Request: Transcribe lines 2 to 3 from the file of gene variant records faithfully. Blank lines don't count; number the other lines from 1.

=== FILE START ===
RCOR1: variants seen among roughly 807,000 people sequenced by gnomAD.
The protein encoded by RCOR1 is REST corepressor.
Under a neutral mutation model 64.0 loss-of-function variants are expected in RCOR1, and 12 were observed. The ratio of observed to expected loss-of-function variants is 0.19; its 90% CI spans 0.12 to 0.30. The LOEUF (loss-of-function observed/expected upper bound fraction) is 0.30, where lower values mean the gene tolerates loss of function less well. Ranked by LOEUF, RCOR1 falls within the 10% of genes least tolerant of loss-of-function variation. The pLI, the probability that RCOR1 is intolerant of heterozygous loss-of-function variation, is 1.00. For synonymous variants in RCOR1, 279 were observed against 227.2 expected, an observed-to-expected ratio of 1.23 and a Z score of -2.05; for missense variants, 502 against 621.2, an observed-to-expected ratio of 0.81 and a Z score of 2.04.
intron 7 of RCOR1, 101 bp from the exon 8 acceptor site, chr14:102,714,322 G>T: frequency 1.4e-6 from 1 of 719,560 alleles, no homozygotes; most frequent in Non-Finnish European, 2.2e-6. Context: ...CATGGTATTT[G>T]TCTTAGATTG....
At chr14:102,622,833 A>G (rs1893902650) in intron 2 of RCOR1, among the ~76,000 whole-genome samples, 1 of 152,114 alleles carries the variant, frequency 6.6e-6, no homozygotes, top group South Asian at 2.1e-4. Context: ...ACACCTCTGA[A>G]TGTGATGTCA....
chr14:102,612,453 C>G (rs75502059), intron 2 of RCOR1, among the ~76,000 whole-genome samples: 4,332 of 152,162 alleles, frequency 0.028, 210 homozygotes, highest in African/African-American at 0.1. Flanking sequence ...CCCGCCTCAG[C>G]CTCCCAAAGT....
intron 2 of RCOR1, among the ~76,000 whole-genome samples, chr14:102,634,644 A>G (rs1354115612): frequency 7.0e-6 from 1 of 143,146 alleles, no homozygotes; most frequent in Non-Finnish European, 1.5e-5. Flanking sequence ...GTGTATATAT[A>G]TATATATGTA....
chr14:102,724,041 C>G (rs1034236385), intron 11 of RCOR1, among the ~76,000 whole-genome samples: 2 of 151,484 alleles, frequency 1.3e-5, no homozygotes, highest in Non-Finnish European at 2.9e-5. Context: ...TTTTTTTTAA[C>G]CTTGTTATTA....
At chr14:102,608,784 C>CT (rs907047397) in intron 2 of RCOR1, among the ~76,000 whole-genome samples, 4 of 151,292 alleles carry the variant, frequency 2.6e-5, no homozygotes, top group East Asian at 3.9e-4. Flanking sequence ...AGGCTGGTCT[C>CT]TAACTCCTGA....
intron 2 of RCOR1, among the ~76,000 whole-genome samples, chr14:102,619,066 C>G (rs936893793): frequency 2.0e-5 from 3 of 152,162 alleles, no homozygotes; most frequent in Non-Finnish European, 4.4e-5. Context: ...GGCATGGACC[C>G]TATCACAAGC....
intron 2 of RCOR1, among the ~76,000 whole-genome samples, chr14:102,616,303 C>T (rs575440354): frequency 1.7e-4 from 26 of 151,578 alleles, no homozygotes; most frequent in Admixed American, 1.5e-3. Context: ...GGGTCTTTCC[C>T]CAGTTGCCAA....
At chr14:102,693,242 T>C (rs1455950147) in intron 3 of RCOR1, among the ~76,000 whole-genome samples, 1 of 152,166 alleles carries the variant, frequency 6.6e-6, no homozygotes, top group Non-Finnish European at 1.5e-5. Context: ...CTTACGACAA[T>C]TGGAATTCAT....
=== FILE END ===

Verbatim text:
The protein encoded by RCOR1 is REST corepressor.
Under a neutral mutation model 64.0 loss-of-function variants are expected in RCOR1, and 12 were observed. The ratio of observed to expected loss-of-function variants is 0.19; its 90% CI spans 0.12 to 0.30. The LOEUF (loss-of-function observed/expected upper bound fraction) is 0.30, where lower values mean the gene tolerates loss of function less well. Ranked by LOEUF, RCOR1 falls within the 10% of genes least tolerant of loss-of-function variation. The pLI, the probability that RCOR1 is intolerant of heterozygous loss-of-function variation, is 1.00. For synonymous variants in RCOR1, 279 were observed against 227.2 expected, an observed-to-expected ratio of 1.23 and a Z score of -2.05; for missense variants, 502 against 621.2, an observed-to-expected ratio of 0.81 and a Z score of 2.04.